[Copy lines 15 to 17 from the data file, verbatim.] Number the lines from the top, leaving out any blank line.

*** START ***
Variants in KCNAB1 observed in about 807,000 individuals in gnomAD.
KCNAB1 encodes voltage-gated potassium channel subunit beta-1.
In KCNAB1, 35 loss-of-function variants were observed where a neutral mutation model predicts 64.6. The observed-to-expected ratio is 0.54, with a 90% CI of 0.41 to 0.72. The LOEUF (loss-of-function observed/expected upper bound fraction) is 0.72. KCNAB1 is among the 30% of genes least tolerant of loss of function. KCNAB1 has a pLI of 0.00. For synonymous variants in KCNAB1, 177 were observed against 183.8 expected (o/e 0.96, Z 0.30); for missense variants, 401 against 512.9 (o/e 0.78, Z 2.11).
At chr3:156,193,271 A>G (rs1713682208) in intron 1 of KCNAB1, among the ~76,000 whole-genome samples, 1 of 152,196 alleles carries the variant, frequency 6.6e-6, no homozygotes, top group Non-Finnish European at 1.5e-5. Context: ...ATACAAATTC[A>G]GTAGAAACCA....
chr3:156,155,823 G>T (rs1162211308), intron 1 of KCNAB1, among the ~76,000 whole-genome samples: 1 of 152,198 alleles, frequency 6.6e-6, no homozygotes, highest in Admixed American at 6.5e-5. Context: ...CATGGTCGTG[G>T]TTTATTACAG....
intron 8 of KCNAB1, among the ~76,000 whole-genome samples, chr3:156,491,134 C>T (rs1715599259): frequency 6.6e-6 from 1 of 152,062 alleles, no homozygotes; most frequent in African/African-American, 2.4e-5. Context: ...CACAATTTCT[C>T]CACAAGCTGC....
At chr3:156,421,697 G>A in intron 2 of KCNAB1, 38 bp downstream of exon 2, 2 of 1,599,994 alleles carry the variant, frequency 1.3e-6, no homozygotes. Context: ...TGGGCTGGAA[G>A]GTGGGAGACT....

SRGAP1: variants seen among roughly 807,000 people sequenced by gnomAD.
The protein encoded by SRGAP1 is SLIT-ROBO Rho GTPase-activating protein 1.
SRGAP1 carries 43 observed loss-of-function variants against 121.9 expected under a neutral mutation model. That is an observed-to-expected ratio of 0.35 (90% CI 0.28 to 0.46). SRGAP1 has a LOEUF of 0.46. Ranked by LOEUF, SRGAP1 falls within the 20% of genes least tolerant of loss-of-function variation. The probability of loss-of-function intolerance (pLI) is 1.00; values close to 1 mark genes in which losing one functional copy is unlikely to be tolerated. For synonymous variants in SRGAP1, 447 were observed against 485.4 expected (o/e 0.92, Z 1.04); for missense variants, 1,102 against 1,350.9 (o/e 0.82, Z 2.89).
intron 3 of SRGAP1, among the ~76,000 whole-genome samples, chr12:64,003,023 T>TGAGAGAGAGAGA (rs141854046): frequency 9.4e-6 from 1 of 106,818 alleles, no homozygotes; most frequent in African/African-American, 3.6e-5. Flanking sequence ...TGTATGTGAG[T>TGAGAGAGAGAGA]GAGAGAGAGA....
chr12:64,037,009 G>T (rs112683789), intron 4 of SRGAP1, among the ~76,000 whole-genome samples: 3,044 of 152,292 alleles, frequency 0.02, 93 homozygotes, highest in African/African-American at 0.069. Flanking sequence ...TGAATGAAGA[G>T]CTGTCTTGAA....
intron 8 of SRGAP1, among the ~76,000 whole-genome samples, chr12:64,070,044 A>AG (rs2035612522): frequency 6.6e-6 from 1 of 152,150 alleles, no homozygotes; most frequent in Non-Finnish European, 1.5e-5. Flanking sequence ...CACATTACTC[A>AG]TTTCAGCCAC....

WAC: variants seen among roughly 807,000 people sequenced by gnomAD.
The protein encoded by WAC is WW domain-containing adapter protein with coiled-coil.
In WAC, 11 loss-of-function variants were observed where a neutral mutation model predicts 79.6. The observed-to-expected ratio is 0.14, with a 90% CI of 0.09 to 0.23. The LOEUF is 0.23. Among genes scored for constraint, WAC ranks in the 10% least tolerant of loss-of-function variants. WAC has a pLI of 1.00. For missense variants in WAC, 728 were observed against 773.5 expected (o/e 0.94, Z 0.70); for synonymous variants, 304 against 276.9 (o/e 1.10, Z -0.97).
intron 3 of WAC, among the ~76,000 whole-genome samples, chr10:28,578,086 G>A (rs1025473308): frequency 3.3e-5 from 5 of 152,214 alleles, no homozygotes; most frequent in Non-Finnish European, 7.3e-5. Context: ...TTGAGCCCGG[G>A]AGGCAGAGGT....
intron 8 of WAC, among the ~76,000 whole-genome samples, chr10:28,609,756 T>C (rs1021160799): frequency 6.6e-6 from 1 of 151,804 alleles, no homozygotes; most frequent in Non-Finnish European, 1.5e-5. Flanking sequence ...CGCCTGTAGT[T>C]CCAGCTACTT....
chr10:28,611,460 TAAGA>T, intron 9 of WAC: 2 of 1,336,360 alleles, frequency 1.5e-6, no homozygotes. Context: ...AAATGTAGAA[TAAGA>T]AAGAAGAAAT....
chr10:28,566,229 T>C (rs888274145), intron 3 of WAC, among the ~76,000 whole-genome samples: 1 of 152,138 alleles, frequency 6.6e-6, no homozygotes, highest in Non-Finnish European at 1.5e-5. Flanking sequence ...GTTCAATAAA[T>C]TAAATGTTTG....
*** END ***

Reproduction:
The protein encoded by WAC is WW domain-containing adapter protein with coiled-coil.
In WAC, 11 loss-of-function variants were observed where a neutral mutation model predicts 79.6. The observed-to-expected ratio is 0.14, with a 90% CI of 0.09 to 0.23. The LOEUF is 0.23. Among genes scored for constraint, WAC ranks in the 10% least tolerant of loss-of-function variants. WAC has a pLI of 1.00. For missense variants in WAC, 728 were observed against 773.5 expected (o/e 0.94, Z 0.70); for synonymous variants, 304 against 276.9 (o/e 1.10, Z -0.97).
intron 3 of WAC, among the ~76,000 whole-genome samples, chr10:28,578,086 G>A (rs1025473308): frequency 3.3e-5 from 5 of 152,214 alleles, no homozygotes; most frequent in Non-Finnish European, 7.3e-5. Context: ...TTGAGCCCGG[G>A]AGGCAGAGGT....